There was testimony that he did not respond to messages about participation in court-ordered family therapy and about other services the State attempted to provide to him. The evidence adduced at trial indicated that Sylvester would sometimes agree during meetings with support workers or visitations to participate in offered services, but that after the meeting or visitation, the various providers were unable to get ahold of him and he would not follow through.

The family permanency specialist assigned to the case in October 2011 testified that she was never able to get Sylvester to communicate with her. She left numerous messages for Sylvester, including her contact information, but he refused to return any of the messages or communicate with her. She testified that she was told by other support workers that Sylvester had indicated that he did not want to have contact with her.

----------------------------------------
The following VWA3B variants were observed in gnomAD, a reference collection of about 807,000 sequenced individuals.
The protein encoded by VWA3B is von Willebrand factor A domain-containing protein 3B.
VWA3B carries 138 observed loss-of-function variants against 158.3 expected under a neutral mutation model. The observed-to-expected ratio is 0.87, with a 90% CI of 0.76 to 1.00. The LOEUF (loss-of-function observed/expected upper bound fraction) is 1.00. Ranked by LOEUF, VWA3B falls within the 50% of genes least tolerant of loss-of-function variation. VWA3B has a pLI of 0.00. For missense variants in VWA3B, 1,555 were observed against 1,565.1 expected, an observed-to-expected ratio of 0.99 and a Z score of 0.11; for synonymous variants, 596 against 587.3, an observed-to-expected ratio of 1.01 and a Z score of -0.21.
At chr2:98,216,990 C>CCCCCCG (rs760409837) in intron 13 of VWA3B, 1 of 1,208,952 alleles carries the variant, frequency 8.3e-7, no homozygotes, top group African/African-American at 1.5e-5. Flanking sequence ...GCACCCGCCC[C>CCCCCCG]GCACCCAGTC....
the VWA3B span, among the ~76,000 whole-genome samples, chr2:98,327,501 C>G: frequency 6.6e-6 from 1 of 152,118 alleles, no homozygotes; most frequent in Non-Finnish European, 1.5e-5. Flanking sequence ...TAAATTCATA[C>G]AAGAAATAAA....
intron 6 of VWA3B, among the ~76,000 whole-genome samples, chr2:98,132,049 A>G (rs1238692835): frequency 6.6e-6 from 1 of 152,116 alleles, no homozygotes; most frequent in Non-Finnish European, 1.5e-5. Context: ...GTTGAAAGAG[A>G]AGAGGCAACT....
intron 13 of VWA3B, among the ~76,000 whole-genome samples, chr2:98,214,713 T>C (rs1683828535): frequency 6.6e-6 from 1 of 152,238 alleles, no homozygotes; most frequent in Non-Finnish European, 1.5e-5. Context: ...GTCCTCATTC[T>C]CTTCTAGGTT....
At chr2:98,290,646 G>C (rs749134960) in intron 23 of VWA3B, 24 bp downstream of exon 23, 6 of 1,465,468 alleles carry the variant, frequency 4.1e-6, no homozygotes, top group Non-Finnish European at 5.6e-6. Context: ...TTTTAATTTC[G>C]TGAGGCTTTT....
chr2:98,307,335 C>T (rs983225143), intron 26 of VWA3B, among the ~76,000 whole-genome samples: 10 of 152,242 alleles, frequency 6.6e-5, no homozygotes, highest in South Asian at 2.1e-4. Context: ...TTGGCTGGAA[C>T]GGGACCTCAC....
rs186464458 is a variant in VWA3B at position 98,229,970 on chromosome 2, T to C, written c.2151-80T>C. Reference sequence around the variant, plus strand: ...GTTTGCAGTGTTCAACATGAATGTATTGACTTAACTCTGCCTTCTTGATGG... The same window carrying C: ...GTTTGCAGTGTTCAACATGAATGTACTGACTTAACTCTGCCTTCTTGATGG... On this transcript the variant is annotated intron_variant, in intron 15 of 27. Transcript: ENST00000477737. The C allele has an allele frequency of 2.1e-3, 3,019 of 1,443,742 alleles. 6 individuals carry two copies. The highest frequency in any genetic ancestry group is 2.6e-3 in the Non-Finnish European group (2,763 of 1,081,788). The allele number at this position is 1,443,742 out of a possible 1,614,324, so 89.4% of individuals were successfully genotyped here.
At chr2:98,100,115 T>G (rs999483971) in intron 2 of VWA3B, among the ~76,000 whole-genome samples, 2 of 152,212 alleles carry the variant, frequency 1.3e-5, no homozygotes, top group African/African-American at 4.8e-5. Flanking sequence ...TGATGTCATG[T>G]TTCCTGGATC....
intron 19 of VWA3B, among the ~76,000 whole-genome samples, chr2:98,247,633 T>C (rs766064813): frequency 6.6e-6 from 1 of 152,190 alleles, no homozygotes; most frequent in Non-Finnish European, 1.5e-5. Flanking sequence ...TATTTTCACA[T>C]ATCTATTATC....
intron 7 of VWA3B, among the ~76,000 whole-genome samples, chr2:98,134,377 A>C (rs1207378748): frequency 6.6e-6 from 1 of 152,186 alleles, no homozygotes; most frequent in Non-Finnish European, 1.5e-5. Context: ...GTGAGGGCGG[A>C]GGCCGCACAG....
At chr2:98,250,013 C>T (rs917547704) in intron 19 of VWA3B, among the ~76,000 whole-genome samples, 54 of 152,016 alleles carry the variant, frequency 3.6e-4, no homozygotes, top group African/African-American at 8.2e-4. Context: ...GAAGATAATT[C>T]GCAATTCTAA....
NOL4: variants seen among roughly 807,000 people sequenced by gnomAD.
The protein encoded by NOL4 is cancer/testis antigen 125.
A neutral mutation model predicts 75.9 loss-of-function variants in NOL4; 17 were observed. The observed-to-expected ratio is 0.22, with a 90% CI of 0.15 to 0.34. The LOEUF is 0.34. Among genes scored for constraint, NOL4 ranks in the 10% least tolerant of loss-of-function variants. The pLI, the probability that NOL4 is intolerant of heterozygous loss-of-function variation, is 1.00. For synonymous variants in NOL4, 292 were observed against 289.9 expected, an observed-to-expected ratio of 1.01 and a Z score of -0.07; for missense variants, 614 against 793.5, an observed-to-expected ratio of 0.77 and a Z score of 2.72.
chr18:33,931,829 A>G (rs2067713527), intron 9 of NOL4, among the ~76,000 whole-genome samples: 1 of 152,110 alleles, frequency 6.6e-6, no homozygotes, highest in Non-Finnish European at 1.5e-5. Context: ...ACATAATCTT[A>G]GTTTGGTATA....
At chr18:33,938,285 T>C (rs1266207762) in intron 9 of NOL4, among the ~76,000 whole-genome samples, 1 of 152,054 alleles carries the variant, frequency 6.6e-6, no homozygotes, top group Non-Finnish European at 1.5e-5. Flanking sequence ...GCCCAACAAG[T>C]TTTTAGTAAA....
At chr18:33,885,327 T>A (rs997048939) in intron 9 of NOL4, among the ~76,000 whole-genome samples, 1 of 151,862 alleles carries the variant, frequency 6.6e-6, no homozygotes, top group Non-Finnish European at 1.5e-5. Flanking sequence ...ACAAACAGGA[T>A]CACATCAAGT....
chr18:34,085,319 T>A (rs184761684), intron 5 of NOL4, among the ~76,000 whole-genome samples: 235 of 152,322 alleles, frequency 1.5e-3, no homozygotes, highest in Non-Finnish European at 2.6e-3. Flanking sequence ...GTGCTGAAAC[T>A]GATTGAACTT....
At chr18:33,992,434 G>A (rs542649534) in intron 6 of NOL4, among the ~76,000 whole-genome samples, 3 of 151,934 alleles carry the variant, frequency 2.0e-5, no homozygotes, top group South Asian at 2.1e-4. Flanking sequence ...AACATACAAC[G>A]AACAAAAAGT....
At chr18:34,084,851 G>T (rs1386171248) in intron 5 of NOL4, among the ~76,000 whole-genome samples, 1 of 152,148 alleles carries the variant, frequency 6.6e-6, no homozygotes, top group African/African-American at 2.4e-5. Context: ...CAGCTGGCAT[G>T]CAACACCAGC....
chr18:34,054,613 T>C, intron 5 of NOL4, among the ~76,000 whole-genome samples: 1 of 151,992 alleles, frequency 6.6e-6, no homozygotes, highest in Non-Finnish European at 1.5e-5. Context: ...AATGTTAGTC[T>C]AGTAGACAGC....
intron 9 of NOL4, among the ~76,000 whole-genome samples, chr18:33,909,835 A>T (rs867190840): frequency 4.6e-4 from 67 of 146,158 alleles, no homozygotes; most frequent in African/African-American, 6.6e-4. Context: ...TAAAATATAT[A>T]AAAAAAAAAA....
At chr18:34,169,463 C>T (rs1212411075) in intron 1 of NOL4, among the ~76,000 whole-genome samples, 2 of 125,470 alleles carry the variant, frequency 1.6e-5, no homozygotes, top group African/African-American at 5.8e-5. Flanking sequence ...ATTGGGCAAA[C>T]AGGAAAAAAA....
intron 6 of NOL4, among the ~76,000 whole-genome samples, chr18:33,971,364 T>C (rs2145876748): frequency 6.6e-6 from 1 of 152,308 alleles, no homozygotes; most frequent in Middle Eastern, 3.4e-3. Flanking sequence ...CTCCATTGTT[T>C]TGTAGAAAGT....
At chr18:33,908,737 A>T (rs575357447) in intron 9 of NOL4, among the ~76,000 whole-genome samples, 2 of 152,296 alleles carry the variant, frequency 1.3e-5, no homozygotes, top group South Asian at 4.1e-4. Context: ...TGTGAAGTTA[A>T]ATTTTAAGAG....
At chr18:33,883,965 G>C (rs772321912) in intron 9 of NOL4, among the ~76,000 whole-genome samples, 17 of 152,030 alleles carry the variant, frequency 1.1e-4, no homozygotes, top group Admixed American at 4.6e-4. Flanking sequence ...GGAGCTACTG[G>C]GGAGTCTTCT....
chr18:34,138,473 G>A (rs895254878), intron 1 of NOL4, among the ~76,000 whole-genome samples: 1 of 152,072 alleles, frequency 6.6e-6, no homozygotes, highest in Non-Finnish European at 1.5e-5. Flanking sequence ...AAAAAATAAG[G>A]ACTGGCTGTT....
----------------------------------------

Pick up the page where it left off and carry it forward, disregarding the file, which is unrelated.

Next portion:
The October 2011 dispositional order included a requirement that Sylvester participate in family therapy. The family therapy sessions began in September 2011 and continued at the time of the hearing on the second petition to terminate Sylvester's parental rights. The therapist made attempts to contact Sylvester about attending sessions, including several telephone calls and messages and a letter sent to his house, but Sylvester did not respond to any of these contacts. In

January 2012, he showed up, unannounced, at one session. Ray'Cine reacted poorly to his unexpected appearance, and after a few minutes, he elected to leave and never return for any other sessions. The therapist testified that she would have welcomed and encouraged Sylvester to return for other sessions, especially with some notice so that Ray'Cine could be prepared for his attendance, but Sylvester never expressed any interest in further compliance with the court's order or participation in therapy.